The fountain of the pine-cone outside Old St Peter’s in Rome

In the little courtyard or “atrium”, inside the portico but outside the main doors of Old St Peter’s (and you can follow the tag below for many images of the church), stood a little fountain.

pianta di Roma di Etienne Du Perac (1577), particolare del Vaticano.
pianta di Roma di Etienne Du Perac (1577), particolare del Vaticano.

It included a colossal pine-cone of bronze, which will be familiar to many who have visited the Vatican[1]:

The Vatican pinecone and peacocks today. Via Wikimedia Commons.
The Vatican pinecone and peacocks today. Via Wikimedia Commons.

I found online at Google Books[2] the following copy of a drawing of the fountain, itself taken from Huelsen[3]:

Water installation with bronze pine-cone in the atrium of Old St Peter's, Rome.  Drawing by Cronaca (1457-1505).  Uffizi, Florence, 1572.
Water installation with bronze pine-cone in the atrium of Old St Peter’s, Rome. Drawing by Cronaca (1457-1505). Uffizi, Florence, 1572.

The Huelsen article includes further drawings.

huelsen_fig3
Andrea della Vaccaria, “Ornamenti di fabriche antichi e moderni dell’alma citta di Roma”, 1600, quarto.

Another image comes from a manuscript, Ms. Brussels 17872, fol. 56v, by Philipp de Winghe, and made around 1591-2.

huelsen_fig2

Supposedly water would come out of the pinecone at various places, although how I don’t quite know.  The pinecone and two of the peacocks have survived, as may be seen above.

  1. [1]Photo from Wikimedia Commons, by Wknight94, April 2008.
  2. [2]A. van den Hoek & John H. Herrmann Jr, “Paulinus of Nola, courtyards and canthari: a second look”, In: A. van den Hoek &c, Pottery, Pavements, and Paradise: Iconographic and Textual Studies on Late Antiquity, Brill (2013), p.45, fig. 13.
  3. [3]C. Huelsen, “Der Cantharus von Alt-St. -Peter und die antiken Pignen-Brunnen,”, Romische Mitteilungen 19 (1904), 88-102. Plate 5a.  Online at Archive.org here.

13 thoughts on “The fountain of the pine-cone outside Old St Peter’s in Rome

  1. I could never accurately assess whether la Pigna was the remnants of the original or a replica. Do you have any validation as to it’s authenticity?

  2. I have no idea – never heard the suggestion that it is a copy. It serves no purpose where it currently is, so I quite believe that it is left over from the demolition of Old St Peter’s. But do you know something that makes you think it’s a modern replica?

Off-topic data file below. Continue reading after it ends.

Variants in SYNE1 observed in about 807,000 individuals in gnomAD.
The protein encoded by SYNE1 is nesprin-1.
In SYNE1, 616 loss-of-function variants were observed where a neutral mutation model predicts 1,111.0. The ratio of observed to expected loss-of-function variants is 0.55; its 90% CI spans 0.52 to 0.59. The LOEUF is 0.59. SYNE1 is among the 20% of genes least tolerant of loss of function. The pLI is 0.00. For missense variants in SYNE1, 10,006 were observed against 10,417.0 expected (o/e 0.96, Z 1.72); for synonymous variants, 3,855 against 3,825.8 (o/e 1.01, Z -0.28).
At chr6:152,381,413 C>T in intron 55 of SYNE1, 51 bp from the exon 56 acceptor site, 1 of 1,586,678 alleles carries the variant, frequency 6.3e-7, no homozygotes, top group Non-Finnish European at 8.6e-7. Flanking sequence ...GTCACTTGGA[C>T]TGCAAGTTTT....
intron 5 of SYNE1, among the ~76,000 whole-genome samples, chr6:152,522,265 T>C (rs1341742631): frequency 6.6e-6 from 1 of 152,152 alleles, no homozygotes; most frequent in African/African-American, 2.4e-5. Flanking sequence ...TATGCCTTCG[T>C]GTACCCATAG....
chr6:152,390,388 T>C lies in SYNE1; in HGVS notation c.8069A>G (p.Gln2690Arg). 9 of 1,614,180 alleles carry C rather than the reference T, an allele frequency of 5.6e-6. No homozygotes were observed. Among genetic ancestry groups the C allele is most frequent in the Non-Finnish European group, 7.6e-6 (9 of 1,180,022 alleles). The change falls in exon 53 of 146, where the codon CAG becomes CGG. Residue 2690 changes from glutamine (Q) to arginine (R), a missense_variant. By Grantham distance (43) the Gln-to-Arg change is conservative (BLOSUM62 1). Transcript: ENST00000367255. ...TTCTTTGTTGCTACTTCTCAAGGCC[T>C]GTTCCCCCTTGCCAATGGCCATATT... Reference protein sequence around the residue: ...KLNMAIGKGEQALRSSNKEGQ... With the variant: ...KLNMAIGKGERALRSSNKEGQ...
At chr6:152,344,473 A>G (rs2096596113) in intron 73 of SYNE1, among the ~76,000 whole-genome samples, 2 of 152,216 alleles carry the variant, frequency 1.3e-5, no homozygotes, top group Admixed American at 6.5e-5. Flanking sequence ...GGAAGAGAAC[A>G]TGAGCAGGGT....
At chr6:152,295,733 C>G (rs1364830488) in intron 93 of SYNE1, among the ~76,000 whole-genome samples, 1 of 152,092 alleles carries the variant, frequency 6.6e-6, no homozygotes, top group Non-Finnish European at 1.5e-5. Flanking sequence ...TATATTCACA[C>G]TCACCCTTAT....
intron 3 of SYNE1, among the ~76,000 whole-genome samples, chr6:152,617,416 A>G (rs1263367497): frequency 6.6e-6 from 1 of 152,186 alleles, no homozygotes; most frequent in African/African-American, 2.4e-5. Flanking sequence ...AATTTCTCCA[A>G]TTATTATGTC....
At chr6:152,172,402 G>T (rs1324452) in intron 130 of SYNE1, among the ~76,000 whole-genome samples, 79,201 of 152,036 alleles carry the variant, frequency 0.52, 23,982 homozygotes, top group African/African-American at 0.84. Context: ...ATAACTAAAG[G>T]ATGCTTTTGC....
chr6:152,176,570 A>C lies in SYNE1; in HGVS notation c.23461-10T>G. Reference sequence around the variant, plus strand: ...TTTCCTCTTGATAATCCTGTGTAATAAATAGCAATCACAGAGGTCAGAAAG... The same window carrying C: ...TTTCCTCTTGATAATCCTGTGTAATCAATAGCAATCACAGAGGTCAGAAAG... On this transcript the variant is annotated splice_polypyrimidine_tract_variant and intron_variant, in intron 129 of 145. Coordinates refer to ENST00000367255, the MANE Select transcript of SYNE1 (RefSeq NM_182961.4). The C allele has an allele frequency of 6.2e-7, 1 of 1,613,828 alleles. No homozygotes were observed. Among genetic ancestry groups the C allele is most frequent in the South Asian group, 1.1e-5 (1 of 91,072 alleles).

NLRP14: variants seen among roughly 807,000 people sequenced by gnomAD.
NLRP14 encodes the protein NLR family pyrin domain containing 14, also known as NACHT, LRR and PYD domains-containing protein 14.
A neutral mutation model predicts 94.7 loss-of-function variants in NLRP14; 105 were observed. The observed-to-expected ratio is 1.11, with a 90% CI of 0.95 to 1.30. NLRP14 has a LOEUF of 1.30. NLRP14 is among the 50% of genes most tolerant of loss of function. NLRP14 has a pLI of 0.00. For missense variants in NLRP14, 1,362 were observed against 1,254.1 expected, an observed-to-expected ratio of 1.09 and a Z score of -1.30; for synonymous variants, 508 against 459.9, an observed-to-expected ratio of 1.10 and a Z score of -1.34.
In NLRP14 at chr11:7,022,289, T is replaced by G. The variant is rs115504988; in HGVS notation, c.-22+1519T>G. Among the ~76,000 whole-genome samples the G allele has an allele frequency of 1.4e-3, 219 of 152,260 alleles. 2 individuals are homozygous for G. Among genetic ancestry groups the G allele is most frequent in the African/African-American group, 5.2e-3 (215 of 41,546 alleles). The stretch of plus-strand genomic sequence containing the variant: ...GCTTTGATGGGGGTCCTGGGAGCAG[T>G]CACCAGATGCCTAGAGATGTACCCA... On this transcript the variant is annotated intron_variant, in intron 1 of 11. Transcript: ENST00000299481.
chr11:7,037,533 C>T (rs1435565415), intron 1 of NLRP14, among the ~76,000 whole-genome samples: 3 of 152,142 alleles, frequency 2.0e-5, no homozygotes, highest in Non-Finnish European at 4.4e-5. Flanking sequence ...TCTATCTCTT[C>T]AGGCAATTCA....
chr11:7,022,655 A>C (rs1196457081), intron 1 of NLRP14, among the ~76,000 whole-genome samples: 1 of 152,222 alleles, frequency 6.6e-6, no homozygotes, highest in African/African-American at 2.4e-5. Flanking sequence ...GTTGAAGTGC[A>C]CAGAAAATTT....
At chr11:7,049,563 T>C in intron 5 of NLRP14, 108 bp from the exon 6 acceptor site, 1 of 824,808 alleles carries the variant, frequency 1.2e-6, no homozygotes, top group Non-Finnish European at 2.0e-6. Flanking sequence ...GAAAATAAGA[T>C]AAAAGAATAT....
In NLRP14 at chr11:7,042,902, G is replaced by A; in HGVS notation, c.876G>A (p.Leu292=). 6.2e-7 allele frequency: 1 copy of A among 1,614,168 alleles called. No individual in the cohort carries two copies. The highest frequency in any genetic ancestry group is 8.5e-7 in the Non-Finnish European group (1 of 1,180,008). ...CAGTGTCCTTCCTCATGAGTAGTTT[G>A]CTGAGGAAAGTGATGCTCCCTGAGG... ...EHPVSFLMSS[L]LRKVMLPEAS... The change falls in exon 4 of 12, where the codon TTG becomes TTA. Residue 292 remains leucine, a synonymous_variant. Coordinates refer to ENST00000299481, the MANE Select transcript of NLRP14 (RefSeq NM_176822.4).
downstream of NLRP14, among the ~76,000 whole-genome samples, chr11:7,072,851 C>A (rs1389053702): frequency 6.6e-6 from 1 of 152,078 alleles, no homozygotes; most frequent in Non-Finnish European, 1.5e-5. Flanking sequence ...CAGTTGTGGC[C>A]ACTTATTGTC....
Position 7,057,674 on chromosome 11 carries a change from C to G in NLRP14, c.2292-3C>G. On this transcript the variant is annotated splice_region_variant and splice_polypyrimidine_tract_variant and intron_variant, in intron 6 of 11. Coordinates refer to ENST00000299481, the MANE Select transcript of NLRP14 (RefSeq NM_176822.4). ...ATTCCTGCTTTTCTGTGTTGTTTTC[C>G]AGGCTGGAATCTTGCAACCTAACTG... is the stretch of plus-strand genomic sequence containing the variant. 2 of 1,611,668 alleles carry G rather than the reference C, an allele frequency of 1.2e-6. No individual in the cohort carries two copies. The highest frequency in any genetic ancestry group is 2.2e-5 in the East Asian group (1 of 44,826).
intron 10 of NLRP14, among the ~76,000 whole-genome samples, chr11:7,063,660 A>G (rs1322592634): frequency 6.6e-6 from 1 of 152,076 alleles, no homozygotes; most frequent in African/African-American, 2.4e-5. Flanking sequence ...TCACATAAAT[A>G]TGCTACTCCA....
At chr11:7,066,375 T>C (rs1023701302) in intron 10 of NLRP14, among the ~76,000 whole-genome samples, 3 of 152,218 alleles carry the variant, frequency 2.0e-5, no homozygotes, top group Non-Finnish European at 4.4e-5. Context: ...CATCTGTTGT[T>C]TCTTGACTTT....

3. It’s just that the artists above (the first two, at least) clearly aren’t struggling to accurately represent the features of the fountain and they show it to have perfect egg shape/oval symmetry, whereas the pine cone is, well, pine cone shaped.

  4. Good point, Roger. Both fish and peacock are hieroglyphs in pre-Christian traditions related to metalwork, traceable to Samarra bowls and ligatured fish artifacts of Sumerian stone troughs: aya, ayo ‘fish’ Rebus: ayo ‘iron’ (Gujarati); ayas ‘metal’ (Rigveda) maraka ‘peacock’ Rebus: marakaka loha ‘copper alloy, calcining metal’. The other hieroglyph is pine-cone: kaNDe ‘pine cone’ Rebus: kaNDa ‘metalware’; kANDa ‘water’. It appears that the idea of immortality is linked to the durability of metalwork. In Kota language a gloss for smithy is kole.l The same gloss denotes ‘temple’. The idea of the temple seems to have roots in archaeometalurgy? The large pair of bronze peacocks and the large bronze pine cone were present in front of the Isis temple in Pompeii (according to the drawings of 16th cent.)? What is the evidence for assuming the peacocks to be from Hadrian’s mausoleum?

  5. http://cache2.allpostersimages.com/p/LRG/50/5087/FRK2G00Z/affiches/vase-dit-a-la-cachette-et-une-partie-de-son-depot.jpg The vase a la cachette, shown with its contents. Acropole mound, Susa. Old Elamite period, ca. 2500 – 2400 BCE. Clay. H 201/4 in. (51 cm) Paris. Musee du Louvre. Sb 2723.

    The dominant hieroglyph on the Susa pot is: fish. The pot contained metalware (import from Meluhha? — Maurizio Tosi). Picture of contents of the vase: http://www.pompanon.fr/photos/min/v/k/i/4f40495ef391c.jpg

  6. I’m not familiar with the history of the peacocks, and I suspect that there is a lot of hearsay being passed around, some of it from the renaissance.

  7. Thank you for these. But of course the use of the image of a natural object in the past tells us nothing as to the reason for its use in Rome.

  8. Yes, indeed, Roger. Use of two images in conjunction: pine cone & peacock. Locus: in front of Temple of Isis, divinity of seafarers. Inference: seafaring merchants trading in metals created the structure in front of the temple, while advertising their wares to the devotees:)– What were the objects called by the creators? The two bronze objects are just stunning; should be subjected to archaeometallurgical evaluation.

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